Maimouna Outarra explains that the State Immigration Office sometimes appears to international students as a “defense authority”. She has heard such allegations over and over again in her many years as a BAS spokesperson, says the political scientist and philologist, who comes from the Ivory Coast. What is reported to her more often - and what she has also experienced herself - is an inability or unwillingness of civil servants to speak English to students.
The processes are often incomprehensible
An assessment that the scientific coordinator of the Berlin International College of Research and Graduate Training (BIRT), Isabel Winnwa, shares. "There are many administrative hurdles that make their stay in Berlin difficult for students."
The bureaucracy is often presented in a very incomprehensible manner, and the authorities sometimes lack the willingness to accommodate students. "You need comprehensible explanations of how processes work, as well as more resources, more personnel and a leaner bureaucracy," says Winnwa.
For Maimouna Outarra, dealing with the authorities is often like a Kafkaesque experience. She would like more sensitivity and intercultural competence. In addition, multilingualism and a basic understanding of the student's environment should become the norm. Unlike the immigration authorities, the universities have continuously improved their range of advice and support for students.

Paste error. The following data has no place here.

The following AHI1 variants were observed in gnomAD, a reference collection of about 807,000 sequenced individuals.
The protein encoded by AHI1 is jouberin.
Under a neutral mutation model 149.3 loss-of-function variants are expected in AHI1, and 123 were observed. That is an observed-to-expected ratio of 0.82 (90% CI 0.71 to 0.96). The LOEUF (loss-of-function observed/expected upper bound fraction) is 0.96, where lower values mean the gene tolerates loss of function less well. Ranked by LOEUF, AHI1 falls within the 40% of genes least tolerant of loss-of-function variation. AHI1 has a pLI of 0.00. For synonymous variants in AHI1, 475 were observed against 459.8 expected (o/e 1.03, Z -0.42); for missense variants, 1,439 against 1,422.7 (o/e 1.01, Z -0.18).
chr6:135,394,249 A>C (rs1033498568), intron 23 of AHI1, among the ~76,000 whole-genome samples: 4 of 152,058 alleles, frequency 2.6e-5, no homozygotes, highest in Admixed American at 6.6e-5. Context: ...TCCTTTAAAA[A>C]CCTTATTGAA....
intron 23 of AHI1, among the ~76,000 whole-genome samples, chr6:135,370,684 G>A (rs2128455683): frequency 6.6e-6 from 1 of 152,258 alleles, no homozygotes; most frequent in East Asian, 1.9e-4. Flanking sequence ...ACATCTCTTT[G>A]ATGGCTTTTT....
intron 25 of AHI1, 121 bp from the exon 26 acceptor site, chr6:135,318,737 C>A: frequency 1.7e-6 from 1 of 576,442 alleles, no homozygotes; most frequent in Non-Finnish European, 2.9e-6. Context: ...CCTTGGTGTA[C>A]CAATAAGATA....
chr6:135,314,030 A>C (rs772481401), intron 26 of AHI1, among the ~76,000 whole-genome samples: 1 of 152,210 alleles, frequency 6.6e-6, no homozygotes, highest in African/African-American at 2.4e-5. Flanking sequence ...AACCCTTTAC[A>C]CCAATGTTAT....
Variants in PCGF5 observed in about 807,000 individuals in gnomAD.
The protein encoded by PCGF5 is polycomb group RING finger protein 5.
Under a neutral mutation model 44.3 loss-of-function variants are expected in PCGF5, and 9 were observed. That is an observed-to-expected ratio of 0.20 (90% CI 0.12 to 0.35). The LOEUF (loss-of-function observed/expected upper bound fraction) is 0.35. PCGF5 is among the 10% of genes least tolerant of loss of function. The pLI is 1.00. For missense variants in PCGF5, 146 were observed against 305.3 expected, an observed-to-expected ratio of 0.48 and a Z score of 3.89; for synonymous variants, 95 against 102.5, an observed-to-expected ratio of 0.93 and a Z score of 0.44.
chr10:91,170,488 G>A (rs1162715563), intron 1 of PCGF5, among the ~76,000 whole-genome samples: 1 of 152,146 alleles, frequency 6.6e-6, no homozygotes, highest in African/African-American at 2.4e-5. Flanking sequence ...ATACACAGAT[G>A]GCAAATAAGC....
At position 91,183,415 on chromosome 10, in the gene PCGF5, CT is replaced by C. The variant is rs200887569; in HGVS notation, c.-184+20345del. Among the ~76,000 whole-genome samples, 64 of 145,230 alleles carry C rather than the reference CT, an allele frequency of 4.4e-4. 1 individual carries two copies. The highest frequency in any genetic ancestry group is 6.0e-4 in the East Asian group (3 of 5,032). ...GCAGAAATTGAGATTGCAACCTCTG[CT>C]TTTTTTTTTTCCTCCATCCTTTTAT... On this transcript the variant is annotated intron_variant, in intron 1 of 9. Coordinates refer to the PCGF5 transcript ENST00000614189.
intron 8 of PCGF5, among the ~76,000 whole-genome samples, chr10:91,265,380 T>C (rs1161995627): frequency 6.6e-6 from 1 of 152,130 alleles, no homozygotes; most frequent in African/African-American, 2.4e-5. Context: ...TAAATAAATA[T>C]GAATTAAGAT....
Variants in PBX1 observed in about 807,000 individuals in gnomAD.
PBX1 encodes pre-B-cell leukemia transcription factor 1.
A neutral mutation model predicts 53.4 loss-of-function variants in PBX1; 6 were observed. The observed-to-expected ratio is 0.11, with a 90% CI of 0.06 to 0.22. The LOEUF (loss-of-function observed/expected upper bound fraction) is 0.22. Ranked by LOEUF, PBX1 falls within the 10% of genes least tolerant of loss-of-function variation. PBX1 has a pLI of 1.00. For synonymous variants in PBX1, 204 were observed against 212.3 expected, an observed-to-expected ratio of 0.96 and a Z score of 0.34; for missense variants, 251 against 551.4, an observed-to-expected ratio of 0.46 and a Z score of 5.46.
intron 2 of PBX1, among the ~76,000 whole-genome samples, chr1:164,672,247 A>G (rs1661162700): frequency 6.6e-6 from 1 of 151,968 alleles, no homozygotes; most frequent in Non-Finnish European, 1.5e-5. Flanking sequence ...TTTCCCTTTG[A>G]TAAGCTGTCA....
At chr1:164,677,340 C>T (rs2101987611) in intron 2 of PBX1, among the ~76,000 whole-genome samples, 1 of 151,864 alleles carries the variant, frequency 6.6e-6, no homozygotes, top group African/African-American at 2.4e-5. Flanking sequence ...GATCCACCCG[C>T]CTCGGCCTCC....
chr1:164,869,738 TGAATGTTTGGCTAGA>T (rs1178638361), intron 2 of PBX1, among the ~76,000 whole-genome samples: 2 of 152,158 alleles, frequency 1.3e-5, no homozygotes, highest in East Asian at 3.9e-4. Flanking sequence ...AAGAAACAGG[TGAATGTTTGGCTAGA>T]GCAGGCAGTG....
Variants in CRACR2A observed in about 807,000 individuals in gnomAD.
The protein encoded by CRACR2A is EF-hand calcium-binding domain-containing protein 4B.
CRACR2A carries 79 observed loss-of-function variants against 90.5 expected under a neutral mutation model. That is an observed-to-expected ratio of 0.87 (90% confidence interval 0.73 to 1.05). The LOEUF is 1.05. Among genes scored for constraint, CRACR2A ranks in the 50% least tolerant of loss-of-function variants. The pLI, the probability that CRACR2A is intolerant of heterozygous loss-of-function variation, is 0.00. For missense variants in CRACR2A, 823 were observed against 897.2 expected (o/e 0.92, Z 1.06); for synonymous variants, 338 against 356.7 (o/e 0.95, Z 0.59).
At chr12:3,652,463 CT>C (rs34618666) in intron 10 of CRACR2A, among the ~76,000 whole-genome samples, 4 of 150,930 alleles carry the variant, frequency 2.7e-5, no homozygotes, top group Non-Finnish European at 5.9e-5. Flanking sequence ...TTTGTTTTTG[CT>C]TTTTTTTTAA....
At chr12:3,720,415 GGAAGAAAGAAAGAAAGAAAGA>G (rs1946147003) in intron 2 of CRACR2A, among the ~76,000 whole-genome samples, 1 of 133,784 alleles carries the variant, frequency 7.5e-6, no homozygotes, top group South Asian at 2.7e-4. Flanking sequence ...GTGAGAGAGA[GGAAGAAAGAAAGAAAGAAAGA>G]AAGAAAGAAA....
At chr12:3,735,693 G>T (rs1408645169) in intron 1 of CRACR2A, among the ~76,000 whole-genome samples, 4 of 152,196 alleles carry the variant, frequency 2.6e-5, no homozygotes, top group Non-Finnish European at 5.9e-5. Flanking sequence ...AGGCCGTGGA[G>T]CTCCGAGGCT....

The interior authority contradicts
A spokesman for the Senate Department for the Interior explains at the request of the Tagesspiegel that the Berlin immigration authority has been working on its bilingualism for several years. Essential information would be offered in English. There are regular training courses and a “half-day exchange of experiences with all public universities and technical colleges that takes place at least once a year”.
There was simply no question of the State Immigration Office being a “defense authority”: “The rate of refusals is around 1.6 percent per year. In 2019 there were 167 592 positive decisions to 2754 refusals. "
But: there is room for improvement
However, both the Senate Department for Home Affairs and the State Secretary for Science and Research admit that there is room for improvement in the welcoming culture. “We should further strengthen linguistic and intercultural skills. A website for the state office in English would also be helpful, ”says Krach.
In any case, Ricardo Cabalero felt temporarily completely lost in the face of the bureaucratic machine and unwelcome in the city that is his home. “Without my lawyer, my professor and my many German friends, I would be desperate for Germany.” If he were naturalized in Spain as a descendant of Sephardic Jews, he would live in Berlin as an EU citizen.